Monday, June 8, 2009

most embarrassing moment

Anyone who tells you that their most embarrassing moment does not in some way involve sex is either lying or very, very repressed. In my particular case, we were in high school, and she was a cheerleader. I was on the math team. Actually, that sort of explains it all, right there.

It was sophomore year, towards the end of October. It must have been around 4:00 or so. I had just come out of a small alcove next to one of the mathematics classrooms. That was where the math club met, and where the school kept its two 8-bit Commodore Pet 2001 computers. In 1980, these were top of the line personal computers: 64 Kilobytes of memory, 40 character built-in green-on-black display, and the wonder of it all, cassette tape storage. The DNA of the 1990s Internet boom came together in rooms very much like this one.

I accidentally took the long way to my locker. The building itself was three stories high, in the form of a circle about 280 feet in diameter. It was a shining example of late 1950s-early 1960s Populuxe architecture, built expressly for the baby boom generation. I should have turned left outside the math room but instead turned right. When I realized my mistake I decided to just keep walking around the building until I reached my locker.

When I had completed about 60 degrees of arc, I heard the clanging noises of someone at their locker. I walked a few more degrees and there, there at her locker, there in a green and white Sacred Heart Fighting Irish Junior Varsity cheerleader's uniform, there was Rosanna, the girl I had a crush on. Cheerleader practice had just gotten out. She was putting away her books and collecting her jacket. She was a lovely creature with soft brown hair, large doe eyes, a sharp, quick mind, and a body that wouldn't quit -- wouldn't even take time off.

"American Gigolo" had been a popular movie that summer, and in it Richard Gere had a special way of walking toward women he was going to seduce. He'd place his feet in front of him instead of under him, if you can picture that, so that he leaned away from his direction of motion, as if he were too cool to keep up with himself. Transversely, his body slowly slid from side to side every three or four steps. It was a complex series of motions to master. It wasn't quite a strut, and it wasn't quite a lope; it was almost pimpish in its smoothness. That summer all the girls had a crush on him.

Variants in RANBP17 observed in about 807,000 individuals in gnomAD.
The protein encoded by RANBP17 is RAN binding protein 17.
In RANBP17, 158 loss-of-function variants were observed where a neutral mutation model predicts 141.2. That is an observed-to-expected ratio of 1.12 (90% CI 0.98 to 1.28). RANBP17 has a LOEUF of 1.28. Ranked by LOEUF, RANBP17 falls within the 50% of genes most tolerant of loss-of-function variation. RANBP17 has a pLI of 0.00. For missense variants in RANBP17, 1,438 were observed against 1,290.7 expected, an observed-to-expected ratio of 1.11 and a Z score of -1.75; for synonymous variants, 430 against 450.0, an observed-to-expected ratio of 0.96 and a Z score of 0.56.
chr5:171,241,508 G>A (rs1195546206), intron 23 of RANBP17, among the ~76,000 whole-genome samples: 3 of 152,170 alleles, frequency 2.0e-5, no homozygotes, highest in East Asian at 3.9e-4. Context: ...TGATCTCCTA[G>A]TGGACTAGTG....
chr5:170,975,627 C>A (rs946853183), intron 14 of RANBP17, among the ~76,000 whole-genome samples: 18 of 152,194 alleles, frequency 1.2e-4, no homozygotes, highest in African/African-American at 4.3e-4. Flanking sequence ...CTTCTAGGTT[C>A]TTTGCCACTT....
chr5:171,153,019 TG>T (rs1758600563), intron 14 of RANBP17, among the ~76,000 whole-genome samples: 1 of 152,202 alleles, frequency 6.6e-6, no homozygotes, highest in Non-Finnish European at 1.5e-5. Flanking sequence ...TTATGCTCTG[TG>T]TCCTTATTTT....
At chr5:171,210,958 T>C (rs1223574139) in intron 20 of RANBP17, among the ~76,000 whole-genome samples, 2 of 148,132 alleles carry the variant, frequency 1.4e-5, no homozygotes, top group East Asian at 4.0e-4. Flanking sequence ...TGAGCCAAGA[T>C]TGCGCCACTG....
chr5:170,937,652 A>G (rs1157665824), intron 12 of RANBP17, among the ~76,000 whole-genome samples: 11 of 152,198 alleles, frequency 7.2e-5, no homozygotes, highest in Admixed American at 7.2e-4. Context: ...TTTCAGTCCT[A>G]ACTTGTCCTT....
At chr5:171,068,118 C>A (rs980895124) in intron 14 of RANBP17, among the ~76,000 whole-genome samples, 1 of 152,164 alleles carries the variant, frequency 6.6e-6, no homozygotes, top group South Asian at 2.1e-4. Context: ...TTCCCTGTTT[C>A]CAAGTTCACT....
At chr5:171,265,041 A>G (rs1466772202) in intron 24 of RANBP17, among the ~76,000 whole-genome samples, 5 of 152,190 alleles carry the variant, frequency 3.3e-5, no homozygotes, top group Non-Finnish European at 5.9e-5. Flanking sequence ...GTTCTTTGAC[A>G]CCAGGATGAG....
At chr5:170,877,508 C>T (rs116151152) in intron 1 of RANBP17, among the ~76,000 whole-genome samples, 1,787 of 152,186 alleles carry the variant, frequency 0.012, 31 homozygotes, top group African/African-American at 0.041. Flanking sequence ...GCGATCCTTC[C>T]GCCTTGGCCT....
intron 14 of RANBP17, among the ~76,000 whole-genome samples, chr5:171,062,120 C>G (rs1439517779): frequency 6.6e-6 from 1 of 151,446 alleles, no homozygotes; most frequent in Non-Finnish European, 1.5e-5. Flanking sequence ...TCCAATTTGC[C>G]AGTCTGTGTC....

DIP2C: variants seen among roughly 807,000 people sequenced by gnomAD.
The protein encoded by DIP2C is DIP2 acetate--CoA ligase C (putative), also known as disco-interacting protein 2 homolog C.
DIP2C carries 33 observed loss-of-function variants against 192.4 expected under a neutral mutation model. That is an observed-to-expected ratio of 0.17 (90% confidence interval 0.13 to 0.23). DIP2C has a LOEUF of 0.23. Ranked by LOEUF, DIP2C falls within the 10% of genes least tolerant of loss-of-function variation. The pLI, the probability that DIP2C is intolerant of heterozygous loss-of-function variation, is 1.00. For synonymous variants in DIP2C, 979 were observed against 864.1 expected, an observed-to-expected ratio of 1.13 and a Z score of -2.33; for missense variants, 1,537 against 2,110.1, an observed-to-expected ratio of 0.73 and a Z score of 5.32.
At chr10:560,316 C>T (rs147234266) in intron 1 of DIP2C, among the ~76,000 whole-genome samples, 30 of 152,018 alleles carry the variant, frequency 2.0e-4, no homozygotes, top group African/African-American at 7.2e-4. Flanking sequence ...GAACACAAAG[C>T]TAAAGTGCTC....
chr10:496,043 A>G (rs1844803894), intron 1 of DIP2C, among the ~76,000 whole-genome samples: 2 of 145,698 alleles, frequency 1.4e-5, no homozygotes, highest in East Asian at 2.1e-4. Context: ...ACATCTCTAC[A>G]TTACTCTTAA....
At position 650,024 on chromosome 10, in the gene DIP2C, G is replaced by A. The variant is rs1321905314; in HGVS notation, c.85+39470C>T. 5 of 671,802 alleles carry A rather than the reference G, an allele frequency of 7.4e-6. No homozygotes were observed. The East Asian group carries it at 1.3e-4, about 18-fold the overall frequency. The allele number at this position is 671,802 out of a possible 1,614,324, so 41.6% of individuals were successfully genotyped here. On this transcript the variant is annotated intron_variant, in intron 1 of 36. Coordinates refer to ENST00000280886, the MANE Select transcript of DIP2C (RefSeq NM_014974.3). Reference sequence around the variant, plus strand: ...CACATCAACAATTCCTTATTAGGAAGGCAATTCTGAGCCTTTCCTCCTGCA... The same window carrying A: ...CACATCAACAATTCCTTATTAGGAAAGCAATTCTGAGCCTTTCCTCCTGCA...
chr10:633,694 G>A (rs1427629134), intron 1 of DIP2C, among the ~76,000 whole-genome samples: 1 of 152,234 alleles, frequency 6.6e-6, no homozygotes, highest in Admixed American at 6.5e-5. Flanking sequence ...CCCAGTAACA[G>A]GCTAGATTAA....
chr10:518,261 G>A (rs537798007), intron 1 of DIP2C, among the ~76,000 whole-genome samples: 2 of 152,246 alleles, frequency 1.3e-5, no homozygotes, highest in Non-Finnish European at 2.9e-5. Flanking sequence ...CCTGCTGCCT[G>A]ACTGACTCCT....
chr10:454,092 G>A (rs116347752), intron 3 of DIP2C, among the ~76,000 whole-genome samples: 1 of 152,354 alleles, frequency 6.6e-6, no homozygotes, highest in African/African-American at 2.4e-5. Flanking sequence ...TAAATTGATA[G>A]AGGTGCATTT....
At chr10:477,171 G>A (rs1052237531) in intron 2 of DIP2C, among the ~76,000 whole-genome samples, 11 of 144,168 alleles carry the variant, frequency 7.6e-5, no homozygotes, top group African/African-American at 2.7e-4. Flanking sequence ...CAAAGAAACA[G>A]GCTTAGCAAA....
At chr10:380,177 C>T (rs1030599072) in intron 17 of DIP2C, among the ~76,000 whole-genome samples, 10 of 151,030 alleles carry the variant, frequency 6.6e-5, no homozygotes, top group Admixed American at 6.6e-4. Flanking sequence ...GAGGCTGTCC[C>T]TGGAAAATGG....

I walked up to Rosanna like Richard Gere.

A few feet from her locker I realized that the walk wasn't going to be enough. I had to say something to her.

"Hey, Ro. 'S up?"

"Hey hey, Patrick. 'S up?"

That call and response just about met my neurological capacity.

Without stopping or acknowledging her, I continued to pimp-roll down the hall until I was out of her sight. Then I ran to my locker. My God! I really spoke to Rosanna! The next day, like a cargo cultist, I repeated everything I could as exactly as possible in the hopes that the conditions would be right to meet her at her locker again. For the remainder of the week I'd leave the math room at exactly the same time every day, I'd turn right instead of left, and I'd undulate around the circumference of the building until I reached her locker. Most of the time she wasn't there. Having nothing better to do, I'd keep walking around and around the school until I "accidentally" ran into her, or figured I must have missed her. I became a locker stalker.

One day, just before Halloween, I heard her approach from the other direction. I adjusted my Gere strut so that I would be about 10 feet away when she reached her locker. I caught a whiff of her perfume, a sweet, syrupy teenage scent that gave me an instant erection and halted me in my tracks. How could I talk to her like this? I have enough trouble talking to her when it isn't like this. I stopped and leaned against a locker.

"Who's there?" Rosanna called out. I was trapped.